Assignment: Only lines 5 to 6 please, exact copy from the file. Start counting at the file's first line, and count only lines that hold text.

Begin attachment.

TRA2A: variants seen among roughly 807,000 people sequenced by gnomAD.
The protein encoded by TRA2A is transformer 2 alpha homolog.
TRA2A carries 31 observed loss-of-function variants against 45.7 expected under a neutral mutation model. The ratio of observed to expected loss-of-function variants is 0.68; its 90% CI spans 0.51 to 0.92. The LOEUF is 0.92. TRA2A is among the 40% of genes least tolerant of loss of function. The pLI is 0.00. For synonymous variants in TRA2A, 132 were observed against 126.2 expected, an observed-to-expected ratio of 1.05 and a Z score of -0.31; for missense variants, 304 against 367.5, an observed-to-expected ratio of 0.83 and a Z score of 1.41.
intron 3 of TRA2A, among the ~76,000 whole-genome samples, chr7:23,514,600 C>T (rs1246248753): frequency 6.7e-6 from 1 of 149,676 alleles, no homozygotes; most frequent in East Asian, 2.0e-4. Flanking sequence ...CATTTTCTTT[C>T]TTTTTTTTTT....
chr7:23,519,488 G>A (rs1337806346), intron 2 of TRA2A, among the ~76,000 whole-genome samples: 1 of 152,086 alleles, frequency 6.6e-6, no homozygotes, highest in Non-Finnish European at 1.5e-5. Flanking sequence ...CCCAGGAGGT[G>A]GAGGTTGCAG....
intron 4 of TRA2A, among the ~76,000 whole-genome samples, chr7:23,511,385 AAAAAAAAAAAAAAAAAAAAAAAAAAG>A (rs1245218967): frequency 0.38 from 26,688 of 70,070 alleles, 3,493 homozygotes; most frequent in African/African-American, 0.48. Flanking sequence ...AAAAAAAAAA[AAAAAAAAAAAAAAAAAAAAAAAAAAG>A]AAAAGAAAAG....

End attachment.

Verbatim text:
chr7:23,519,488 G>A (rs1337806346), intron 2 of TRA2A, among the ~76,000 whole-genome samples: 1 of 152,086 alleles, frequency 6.6e-6, no homozygotes, highest in Non-Finnish European at 1.5e-5. Flanking sequence ...CCCAGGAGGT[G>A]GAGGTTGCAG....
intron 4 of TRA2A, among the ~76,000 whole-genome samples, chr7:23,511,385 AAAAAAAAAAAAAAAAAAAAAAAAAAG>A (rs1245218967): frequency 0.38 from 26,688 of 70,070 alleles, 3,493 homozygotes; most frequent in African/African-American, 0.48. Flanking sequence ...AAAAAAAAAA[AAAAAAAAAAAAAAAAAAAAAAAAAAG>A]AAAAGAAAAG....